The bacteria living on your tongue that help lower your blood pressure are:
- Actinomyces species
- Granulicatella species
- Haemophilus species
- Neisseria species
- Veillonella species
Oral bacteria that have been found in atherosclerotic plaques:
- Fusobacterium nucleatum
- Prevotella gingivalis
- Strepotococcus sanguinis
- Treponema denticola
- Treponema forsythia
High-risk gum disease bacteria that may cause atherosclerosis:
- Aggregatibacter actinomycetemcomitans
- Fusobacterium nucleatum
- Pophyromonas gingivalis
- Tannerella forsythia
- Treponema denticola
Eating a healthy diet of vegetables, fruits, whole foods, and organic meats, together with exercise is the key to heart health. But don’t forget that your mouth has a big say in whether you have heart disease or not. Take care of your dental health and kiss your risk of heart disease goodbye!
Want to learn more? Check out my book, Heal Your Oral Microbiome.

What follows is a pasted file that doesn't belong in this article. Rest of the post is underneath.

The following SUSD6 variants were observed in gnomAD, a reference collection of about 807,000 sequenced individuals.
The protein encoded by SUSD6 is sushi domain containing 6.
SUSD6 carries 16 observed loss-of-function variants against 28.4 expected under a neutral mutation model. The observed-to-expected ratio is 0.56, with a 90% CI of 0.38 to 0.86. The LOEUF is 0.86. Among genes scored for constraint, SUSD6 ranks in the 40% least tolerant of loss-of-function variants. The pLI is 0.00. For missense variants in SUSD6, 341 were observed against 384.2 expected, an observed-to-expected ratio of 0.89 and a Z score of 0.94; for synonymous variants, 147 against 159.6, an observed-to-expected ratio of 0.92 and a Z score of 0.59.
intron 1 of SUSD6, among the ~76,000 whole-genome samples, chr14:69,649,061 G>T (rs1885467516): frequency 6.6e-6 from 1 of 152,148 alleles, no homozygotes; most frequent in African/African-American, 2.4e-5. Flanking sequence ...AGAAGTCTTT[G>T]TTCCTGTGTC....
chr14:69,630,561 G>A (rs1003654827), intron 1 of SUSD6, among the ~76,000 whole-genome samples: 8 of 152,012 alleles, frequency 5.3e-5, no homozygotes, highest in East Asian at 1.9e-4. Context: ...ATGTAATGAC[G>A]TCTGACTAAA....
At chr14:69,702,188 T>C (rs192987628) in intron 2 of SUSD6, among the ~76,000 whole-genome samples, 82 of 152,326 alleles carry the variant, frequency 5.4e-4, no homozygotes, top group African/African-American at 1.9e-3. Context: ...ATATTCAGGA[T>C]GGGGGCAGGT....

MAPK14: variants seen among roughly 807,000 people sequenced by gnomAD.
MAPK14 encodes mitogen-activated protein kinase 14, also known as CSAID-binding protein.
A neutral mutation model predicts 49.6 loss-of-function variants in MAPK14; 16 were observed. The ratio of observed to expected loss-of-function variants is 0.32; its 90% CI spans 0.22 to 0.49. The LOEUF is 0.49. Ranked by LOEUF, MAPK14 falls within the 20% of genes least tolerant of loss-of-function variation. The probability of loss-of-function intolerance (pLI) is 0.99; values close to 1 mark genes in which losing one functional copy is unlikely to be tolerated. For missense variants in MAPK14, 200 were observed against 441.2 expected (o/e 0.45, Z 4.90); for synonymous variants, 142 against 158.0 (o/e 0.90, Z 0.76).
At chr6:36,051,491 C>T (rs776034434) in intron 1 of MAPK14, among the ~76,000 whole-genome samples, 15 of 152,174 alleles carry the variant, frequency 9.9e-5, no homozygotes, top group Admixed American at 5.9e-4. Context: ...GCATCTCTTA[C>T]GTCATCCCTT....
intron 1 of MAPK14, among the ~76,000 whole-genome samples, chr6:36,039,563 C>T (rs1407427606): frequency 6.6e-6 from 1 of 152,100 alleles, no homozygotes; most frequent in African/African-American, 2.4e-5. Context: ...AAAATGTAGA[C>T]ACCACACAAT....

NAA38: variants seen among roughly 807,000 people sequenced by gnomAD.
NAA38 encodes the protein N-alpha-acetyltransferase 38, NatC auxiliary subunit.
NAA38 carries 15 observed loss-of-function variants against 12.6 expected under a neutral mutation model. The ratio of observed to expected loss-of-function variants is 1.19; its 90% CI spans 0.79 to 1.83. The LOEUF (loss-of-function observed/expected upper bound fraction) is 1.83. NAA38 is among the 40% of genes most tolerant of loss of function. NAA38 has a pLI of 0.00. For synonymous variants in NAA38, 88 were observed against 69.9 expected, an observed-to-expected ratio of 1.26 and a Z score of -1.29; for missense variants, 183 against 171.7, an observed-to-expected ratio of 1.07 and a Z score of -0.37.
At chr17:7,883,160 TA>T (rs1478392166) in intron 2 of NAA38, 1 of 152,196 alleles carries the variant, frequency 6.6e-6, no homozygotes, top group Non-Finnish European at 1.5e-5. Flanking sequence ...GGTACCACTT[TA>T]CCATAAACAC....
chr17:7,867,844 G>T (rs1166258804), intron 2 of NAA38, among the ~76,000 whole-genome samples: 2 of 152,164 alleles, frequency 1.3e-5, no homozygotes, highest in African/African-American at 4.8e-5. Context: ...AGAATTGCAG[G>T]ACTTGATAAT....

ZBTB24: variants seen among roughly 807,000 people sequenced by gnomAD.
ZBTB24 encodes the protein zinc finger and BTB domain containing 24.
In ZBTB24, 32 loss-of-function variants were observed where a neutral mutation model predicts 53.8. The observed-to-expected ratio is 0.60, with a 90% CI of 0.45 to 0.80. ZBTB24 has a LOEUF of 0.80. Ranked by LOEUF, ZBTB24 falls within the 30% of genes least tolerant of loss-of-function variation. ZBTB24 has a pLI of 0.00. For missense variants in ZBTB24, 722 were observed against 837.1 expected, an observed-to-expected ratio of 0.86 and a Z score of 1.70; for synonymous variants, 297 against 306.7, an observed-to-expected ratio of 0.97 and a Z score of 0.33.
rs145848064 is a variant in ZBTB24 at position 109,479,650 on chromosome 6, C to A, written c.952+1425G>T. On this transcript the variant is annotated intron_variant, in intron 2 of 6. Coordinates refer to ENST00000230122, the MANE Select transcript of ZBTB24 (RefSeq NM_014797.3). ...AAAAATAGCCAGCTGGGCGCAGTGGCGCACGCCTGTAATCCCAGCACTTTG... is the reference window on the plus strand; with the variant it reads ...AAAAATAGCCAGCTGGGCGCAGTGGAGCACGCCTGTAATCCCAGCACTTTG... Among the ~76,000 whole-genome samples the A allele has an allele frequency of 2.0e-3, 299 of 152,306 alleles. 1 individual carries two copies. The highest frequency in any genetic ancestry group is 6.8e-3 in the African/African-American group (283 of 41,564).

Cass Nelson-Dooley, MS, is a researcher, author, educator, and laboratory consultant. She studied medicinal plants in the rain forests of Panama as a Fulbright Scholar and then launched a career in science and natural medicine. Early on, she studied ethnobotany, ethnopharmacology, and drug discovery at the University of Georgia and AptoTec, Inc. She joined innovators at Metametrix Clinical Laboratory as a medical education consultant helping clinicians use integrative and functional laboratory results in clinical practice. She owns Health First Consulting, LLC, a medical communications company with the mission to improve human health using the written word. Ms. Nelson-Dooley is an oral microbiome expert and author of Heal Your Oral Microbiome. She was a contributing author in Laboratory Evaluations for Integrative and Functional Medicine and Case Studies in Integrative and Functional Medicine. She has published case studies, book chapters, and journal articles about the oral microbiome, natural medicine, nutrition, laboratory testing, obesity, and osteoporosis.